Shands at UF went on red alert at about 5 a.m. Sunday, shortly after poor visibility from dense smoke and fog caused crashes involving about 20 vehicles that killed 11 people.
The hospital's emergency department received a flurry of calls from first-responders witnessing firsthand the Interstate 75 carnage.
Be prepared for mass casualties, they said.
Immediately, the Critical Care Center activated its emergency alert system.
"People mobilized from throughout the hospital," said Dr. Adrian Tyndall, chief of Emergency Services, "not just the emergency department."
Shands' Critical Care Center received 22 patients, said John Pastor, spokesman for UF/Shands Communications. Of those, 14 have been released and eight remained in the hospital as of 5 p.m. Tuesday.
Tyndall said four trauma surgeons, emergency physicians, nurses and other staff worked together to handle the emergencies and comfort those involved in the accidents.
"There was a lot of sadness given how significant this was," Tyndall said.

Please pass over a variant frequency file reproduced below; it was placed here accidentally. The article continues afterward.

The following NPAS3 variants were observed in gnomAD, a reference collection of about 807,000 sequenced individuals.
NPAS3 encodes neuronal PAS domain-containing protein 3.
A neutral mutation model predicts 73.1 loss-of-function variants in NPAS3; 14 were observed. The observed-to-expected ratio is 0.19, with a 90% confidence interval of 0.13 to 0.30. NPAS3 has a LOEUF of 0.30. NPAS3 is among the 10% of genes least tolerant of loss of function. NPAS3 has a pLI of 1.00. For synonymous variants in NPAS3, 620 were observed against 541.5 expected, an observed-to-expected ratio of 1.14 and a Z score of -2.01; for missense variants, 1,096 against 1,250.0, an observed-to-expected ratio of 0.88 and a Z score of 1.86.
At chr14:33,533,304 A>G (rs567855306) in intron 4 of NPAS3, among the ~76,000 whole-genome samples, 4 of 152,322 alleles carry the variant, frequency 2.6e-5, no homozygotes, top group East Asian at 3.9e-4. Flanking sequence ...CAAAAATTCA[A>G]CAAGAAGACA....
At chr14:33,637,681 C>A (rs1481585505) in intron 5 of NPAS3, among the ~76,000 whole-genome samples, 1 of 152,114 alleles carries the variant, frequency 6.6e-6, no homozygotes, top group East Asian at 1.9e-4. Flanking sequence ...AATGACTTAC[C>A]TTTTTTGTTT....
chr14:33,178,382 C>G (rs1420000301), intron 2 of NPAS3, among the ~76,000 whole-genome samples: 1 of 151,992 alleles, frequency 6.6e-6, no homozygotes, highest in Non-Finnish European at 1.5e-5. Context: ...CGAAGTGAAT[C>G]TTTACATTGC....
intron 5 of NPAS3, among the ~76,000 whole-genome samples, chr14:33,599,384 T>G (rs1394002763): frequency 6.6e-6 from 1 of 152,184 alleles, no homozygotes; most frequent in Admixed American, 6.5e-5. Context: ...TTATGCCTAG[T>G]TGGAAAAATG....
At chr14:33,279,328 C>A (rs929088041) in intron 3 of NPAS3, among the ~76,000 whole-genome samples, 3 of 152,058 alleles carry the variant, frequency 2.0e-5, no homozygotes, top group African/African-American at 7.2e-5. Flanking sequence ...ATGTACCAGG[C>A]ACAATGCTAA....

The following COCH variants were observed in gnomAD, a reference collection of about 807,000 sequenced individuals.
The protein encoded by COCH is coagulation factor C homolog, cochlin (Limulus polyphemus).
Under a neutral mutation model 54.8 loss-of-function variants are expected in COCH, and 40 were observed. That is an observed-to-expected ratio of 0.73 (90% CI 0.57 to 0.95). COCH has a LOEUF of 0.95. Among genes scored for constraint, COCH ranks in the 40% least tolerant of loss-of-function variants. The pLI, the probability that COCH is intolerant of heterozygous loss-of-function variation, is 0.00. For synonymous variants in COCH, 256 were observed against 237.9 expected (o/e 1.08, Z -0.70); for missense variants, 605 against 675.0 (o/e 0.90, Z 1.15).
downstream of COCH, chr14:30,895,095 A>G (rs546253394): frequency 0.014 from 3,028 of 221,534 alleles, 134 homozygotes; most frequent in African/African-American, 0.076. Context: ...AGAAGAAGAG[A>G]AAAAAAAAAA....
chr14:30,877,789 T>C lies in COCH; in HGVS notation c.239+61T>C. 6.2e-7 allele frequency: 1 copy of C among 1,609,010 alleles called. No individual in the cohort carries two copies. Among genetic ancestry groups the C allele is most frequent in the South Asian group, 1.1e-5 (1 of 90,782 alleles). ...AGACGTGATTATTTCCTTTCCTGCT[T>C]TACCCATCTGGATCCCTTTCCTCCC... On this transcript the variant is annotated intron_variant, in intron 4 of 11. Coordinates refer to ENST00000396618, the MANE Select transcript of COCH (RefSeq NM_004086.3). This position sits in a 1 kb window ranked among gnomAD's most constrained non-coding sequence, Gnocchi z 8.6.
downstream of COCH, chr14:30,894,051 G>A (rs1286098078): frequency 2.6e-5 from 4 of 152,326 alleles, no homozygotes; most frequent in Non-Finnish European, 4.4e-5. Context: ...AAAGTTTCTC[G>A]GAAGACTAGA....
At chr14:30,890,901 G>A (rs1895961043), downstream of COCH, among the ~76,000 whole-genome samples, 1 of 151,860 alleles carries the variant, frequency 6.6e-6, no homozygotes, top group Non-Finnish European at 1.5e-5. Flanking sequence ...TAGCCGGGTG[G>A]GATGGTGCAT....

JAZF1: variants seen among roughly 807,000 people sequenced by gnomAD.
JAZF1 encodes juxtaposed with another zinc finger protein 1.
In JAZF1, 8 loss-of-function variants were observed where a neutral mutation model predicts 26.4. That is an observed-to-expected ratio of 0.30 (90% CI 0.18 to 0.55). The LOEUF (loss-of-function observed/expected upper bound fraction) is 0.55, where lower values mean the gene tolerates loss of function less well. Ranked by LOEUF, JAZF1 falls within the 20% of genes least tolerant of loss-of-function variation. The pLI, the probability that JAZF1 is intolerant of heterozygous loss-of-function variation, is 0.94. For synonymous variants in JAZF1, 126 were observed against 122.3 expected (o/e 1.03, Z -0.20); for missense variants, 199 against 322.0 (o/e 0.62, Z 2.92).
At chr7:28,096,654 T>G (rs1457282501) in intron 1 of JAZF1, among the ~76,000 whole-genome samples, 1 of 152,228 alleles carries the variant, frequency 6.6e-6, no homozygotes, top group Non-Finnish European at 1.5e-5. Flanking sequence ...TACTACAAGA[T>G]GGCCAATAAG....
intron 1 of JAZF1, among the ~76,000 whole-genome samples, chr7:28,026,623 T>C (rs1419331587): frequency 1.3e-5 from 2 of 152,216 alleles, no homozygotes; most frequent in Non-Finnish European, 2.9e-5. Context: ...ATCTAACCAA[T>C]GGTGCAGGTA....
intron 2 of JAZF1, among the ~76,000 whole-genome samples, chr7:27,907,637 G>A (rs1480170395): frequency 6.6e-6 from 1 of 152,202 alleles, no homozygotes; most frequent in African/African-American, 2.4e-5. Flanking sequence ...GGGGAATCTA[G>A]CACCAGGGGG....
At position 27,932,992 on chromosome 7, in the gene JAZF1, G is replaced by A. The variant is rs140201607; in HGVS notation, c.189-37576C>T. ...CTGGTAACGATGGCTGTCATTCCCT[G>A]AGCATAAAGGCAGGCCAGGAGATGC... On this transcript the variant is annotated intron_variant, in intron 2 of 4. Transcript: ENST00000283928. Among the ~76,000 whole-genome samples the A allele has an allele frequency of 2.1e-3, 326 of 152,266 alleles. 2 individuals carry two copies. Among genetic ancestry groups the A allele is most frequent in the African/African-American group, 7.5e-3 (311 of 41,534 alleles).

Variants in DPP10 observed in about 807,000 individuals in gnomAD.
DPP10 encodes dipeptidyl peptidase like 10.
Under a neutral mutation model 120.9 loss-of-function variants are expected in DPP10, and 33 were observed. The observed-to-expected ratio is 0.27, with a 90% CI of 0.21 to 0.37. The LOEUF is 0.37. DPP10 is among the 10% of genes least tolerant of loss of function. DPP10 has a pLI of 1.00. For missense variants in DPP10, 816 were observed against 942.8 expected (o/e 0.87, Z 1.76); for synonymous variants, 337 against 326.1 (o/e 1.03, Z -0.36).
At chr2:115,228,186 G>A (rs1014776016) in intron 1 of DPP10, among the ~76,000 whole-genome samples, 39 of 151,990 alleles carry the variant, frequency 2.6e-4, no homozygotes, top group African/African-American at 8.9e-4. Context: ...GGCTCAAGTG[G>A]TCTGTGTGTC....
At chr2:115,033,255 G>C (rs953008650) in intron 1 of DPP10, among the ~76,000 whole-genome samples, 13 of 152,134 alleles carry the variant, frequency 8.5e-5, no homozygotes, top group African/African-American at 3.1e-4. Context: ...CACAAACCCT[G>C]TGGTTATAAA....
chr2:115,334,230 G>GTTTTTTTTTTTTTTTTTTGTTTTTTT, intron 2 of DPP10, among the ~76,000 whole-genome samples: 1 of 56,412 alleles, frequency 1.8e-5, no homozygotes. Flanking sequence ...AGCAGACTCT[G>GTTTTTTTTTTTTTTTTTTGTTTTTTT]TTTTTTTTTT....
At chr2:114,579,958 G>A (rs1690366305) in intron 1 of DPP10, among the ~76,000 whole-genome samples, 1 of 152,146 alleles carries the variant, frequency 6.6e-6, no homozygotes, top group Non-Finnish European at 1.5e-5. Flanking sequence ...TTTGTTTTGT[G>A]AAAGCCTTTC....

Despite that, Shands employees handled the situation like the emergencies they deal with every day.
Patients arrived in intervals, he said, and the emergency room atmosphere was calm and orderly.
However, he said, workers at the scene played the most important role: They were the ones checking to see who was alive, who could be rescued and who could not.
"The EMS personnel manning the frontlines were the heroes here," he said. "They saw something many never, ever see."
Fortunately, Pastor said, the chaos of the crash site didn't translate to chaos at the hospital.
The alert lasted less than three hours, but the effects of the crash linger. If needed, doctors and nurses have resources such as counseling to help them.
Health care providers aren't immune to these situations, said Lisa Merlo, a psychologist and professor at UF's College of Medicine.
Like everyone, she said, they need time to rest and process their feelings.
"Medical personnel are still human beings," she said.